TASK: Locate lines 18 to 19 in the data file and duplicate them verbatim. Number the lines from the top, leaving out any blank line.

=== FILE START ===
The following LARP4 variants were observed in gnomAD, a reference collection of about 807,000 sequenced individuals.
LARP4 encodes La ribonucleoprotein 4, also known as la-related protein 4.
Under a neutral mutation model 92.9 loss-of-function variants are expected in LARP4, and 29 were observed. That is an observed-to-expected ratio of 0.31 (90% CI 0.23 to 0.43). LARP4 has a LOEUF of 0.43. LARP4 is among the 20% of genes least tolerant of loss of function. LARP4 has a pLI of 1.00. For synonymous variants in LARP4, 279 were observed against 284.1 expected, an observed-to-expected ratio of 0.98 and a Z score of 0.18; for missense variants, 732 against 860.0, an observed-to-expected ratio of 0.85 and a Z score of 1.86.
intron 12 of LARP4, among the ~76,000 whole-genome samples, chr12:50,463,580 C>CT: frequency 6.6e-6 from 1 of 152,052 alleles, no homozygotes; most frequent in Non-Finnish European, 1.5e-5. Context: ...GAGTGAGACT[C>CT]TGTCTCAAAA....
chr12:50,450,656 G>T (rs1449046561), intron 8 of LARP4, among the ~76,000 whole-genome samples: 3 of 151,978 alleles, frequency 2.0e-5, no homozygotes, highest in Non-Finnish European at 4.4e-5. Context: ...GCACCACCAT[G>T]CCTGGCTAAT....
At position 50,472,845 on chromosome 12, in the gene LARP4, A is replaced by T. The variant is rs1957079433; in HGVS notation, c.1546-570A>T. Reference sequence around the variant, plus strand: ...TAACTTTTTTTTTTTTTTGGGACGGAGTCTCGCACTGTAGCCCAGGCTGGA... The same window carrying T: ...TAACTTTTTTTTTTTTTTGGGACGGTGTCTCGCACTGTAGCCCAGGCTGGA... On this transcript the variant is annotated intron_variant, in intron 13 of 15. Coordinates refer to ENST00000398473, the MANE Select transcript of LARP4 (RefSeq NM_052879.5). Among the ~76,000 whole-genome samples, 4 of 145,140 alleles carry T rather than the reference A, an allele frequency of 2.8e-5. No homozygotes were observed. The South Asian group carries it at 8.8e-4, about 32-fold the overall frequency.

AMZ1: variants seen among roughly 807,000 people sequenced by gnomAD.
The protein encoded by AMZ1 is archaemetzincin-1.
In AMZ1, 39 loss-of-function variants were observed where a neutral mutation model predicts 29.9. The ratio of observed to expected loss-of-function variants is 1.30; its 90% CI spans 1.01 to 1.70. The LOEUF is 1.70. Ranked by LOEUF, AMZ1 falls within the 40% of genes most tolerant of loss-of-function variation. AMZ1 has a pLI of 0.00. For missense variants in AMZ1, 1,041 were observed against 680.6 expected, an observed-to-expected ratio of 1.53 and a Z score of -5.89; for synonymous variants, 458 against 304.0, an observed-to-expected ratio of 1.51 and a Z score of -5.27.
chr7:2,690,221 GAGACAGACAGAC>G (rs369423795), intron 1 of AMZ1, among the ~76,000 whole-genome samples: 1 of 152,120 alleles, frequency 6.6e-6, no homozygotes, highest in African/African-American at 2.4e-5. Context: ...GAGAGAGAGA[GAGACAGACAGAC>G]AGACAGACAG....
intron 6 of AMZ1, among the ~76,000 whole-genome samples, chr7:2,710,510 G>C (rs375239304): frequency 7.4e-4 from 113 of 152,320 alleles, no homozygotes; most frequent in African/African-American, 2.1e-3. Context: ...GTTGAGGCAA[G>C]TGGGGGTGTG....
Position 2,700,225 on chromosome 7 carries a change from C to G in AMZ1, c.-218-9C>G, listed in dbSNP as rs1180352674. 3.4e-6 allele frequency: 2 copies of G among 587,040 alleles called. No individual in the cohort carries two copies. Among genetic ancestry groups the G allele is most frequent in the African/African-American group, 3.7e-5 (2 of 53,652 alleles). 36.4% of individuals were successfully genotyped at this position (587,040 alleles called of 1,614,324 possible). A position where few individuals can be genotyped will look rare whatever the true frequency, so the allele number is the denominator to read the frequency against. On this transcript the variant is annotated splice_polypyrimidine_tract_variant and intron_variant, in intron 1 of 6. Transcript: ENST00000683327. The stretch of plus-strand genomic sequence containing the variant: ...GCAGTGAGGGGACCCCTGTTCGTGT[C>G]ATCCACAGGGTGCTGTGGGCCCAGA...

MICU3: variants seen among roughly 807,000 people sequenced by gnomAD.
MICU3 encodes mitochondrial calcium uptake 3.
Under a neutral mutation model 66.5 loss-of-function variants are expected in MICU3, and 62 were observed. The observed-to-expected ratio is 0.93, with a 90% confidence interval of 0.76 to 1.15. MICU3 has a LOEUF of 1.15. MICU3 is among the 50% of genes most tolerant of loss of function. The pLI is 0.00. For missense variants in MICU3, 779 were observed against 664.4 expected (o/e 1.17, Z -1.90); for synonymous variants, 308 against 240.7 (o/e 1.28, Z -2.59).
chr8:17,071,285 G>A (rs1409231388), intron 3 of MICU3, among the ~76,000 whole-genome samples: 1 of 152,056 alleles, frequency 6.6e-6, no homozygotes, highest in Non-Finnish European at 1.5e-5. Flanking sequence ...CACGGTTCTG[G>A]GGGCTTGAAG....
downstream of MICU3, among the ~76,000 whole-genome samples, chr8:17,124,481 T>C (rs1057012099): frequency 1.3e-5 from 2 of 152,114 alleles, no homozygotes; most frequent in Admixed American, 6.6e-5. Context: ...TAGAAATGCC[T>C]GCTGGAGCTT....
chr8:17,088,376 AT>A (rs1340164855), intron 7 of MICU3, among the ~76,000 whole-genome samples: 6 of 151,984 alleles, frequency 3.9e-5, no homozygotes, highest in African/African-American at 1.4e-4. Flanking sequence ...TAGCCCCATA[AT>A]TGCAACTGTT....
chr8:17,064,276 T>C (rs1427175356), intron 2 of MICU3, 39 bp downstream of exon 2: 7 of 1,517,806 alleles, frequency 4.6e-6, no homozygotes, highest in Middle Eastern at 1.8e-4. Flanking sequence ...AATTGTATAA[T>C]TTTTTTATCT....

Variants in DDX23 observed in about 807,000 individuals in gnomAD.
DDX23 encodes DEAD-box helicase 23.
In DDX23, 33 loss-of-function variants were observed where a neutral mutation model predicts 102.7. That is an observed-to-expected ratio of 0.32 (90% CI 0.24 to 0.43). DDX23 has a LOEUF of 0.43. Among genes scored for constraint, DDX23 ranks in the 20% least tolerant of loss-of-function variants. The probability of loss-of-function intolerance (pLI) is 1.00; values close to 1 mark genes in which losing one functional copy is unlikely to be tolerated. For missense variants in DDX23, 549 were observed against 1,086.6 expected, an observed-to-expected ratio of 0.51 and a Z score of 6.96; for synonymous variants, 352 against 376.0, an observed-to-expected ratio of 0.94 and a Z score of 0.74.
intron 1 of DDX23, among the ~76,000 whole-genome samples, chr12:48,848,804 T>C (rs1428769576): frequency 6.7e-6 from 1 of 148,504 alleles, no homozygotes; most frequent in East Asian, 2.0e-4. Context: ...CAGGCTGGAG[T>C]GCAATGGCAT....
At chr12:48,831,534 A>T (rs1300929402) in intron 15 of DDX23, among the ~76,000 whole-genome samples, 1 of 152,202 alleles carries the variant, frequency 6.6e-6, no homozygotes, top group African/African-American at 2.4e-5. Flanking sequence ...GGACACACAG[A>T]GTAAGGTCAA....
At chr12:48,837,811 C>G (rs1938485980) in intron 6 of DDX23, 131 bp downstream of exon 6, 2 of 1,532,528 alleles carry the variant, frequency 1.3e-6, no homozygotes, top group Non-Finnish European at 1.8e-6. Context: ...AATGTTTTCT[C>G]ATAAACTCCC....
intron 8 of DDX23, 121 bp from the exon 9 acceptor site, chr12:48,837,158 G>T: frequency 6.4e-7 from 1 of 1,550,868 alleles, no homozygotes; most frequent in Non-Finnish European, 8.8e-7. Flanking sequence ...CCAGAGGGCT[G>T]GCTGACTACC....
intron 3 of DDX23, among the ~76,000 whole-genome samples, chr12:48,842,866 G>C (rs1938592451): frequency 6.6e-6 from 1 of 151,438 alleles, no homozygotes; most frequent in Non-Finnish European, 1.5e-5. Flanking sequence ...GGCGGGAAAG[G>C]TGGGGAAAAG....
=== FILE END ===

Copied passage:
chr8:17,088,376 AT>A (rs1340164855), intron 7 of MICU3, among the ~76,000 whole-genome samples: 6 of 151,984 alleles, frequency 3.9e-5, no homozygotes, highest in African/African-American at 1.4e-4. Flanking sequence ...TAGCCCCATA[AT>A]TGCAACTGTT....
chr8:17,064,276 T>C (rs1427175356), intron 2 of MICU3, 39 bp downstream of exon 2: 7 of 1,517,806 alleles, frequency 4.6e-6, no homozygotes, highest in Middle Eastern at 1.8e-4. Flanking sequence ...AATTGTATAA[T>C]TTTTTTATCT....